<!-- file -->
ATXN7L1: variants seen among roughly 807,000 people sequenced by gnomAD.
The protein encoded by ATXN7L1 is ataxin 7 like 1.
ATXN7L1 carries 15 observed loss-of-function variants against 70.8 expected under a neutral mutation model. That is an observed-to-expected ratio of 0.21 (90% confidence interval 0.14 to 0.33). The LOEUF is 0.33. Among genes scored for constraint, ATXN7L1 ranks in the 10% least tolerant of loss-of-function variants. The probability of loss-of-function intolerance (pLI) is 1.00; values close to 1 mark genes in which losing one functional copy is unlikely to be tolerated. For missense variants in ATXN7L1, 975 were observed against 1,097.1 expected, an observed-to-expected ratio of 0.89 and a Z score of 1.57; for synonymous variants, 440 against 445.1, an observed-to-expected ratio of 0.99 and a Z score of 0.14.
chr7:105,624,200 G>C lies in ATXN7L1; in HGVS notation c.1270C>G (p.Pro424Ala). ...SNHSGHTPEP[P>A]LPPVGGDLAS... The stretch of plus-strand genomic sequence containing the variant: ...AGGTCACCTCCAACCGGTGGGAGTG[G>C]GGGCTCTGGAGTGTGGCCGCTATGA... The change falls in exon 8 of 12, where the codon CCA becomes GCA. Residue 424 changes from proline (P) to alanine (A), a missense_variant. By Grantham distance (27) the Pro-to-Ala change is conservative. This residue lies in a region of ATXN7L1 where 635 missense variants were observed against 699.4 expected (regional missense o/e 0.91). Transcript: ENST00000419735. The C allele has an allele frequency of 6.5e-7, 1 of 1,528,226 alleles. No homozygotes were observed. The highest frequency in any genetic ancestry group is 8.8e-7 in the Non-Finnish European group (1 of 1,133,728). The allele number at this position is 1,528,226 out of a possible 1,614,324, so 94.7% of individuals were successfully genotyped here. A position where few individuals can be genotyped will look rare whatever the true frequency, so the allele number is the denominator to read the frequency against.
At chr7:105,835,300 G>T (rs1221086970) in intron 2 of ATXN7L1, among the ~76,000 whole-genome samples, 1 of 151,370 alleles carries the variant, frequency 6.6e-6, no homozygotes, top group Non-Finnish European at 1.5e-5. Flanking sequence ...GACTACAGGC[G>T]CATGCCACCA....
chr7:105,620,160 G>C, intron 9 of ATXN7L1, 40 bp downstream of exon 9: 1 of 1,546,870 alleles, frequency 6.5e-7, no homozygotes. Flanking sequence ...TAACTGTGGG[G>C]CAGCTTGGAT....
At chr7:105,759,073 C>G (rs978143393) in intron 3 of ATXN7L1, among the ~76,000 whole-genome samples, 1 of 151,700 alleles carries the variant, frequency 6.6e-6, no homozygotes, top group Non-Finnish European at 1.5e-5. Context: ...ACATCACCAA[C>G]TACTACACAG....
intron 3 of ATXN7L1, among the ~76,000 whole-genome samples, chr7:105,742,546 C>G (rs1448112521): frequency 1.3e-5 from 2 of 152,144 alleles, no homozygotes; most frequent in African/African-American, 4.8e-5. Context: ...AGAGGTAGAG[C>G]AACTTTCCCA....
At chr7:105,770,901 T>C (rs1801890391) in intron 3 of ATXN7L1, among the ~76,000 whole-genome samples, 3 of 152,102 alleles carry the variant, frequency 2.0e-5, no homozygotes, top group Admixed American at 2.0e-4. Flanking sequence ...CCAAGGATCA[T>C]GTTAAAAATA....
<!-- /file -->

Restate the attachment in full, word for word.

ATXN7L1: variants seen among roughly 807,000 people sequenced by gnomAD.
The protein encoded by ATXN7L1 is ataxin 7 like 1.
ATXN7L1 carries 15 observed loss-of-function variants against 70.8 expected under a neutral mutation model. That is an observed-to-expected ratio of 0.21 (90% confidence interval 0.14 to 0.33). The LOEUF is 0.33. Among genes scored for constraint, ATXN7L1 ranks in the 10% least tolerant of loss-of-function variants. The probability of loss-of-function intolerance (pLI) is 1.00; values close to 1 mark genes in which losing one functional copy is unlikely to be tolerated. For missense variants in ATXN7L1, 975 were observed against 1,097.1 expected, an observed-to-expected ratio of 0.89 and a Z score of 1.57; for synonymous variants, 440 against 445.1, an observed-to-expected ratio of 0.99 and a Z score of 0.14.
chr7:105,624,200 G>C lies in ATXN7L1; in HGVS notation c.1270C>G (p.Pro424Ala). ...SNHSGHTPEP[P>A]LPPVGGDLAS... The stretch of plus-strand genomic sequence containing the variant: ...AGGTCACCTCCAACCGGTGGGAGTG[G>C]GGGCTCTGGAGTGTGGCCGCTATGA... The change falls in exon 8 of 12, where the codon CCA becomes GCA. Residue 424 changes from proline (P) to alanine (A), a missense_variant. By Grantham distance (27) the Pro-to-Ala change is conservative. This residue lies in a region of ATXN7L1 where 635 missense variants were observed against 699.4 expected (regional missense o/e 0.91). Transcript: ENST00000419735. The C allele has an allele frequency of 6.5e-7, 1 of 1,528,226 alleles. No homozygotes were observed. The highest frequency in any genetic ancestry group is 8.8e-7 in the Non-Finnish European group (1 of 1,133,728). The allele number at this position is 1,528,226 out of a possible 1,614,324, so 94.7% of individuals were successfully genotyped here. A position where few individuals can be genotyped will look rare whatever the true frequency, so the allele number is the denominator to read the frequency against.
At chr7:105,835,300 G>T (rs1221086970) in intron 2 of ATXN7L1, among the ~76,000 whole-genome samples, 1 of 151,370 alleles carries the variant, frequency 6.6e-6, no homozygotes, top group Non-Finnish European at 1.5e-5. Flanking sequence ...GACTACAGGC[G>T]CATGCCACCA....
chr7:105,620,160 G>C, intron 9 of ATXN7L1, 40 bp downstream of exon 9: 1 of 1,546,870 alleles, frequency 6.5e-7, no homozygotes. Flanking sequence ...TAACTGTGGG[G>C]CAGCTTGGAT....
At chr7:105,759,073 C>G (rs978143393) in intron 3 of ATXN7L1, among the ~76,000 whole-genome samples, 1 of 151,700 alleles carries the variant, frequency 6.6e-6, no homozygotes, top group Non-Finnish European at 1.5e-5. Context: ...ACATCACCAA[C>G]TACTACACAG....
intron 3 of ATXN7L1, among the ~76,000 whole-genome samples, chr7:105,742,546 C>G (rs1448112521): frequency 1.3e-5 from 2 of 152,144 alleles, no homozygotes; most frequent in African/African-American, 4.8e-5. Context: ...AGAGGTAGAG[C>G]AACTTTCCCA....
At chr7:105,770,901 T>C (rs1801890391) in intron 3 of ATXN7L1, among the ~76,000 whole-genome samples, 3 of 152,102 alleles carry the variant, frequency 2.0e-5, no homozygotes, top group Admixed American at 2.0e-4. Flanking sequence ...CCAAGGATCA[T>C]GTTAAAAATA....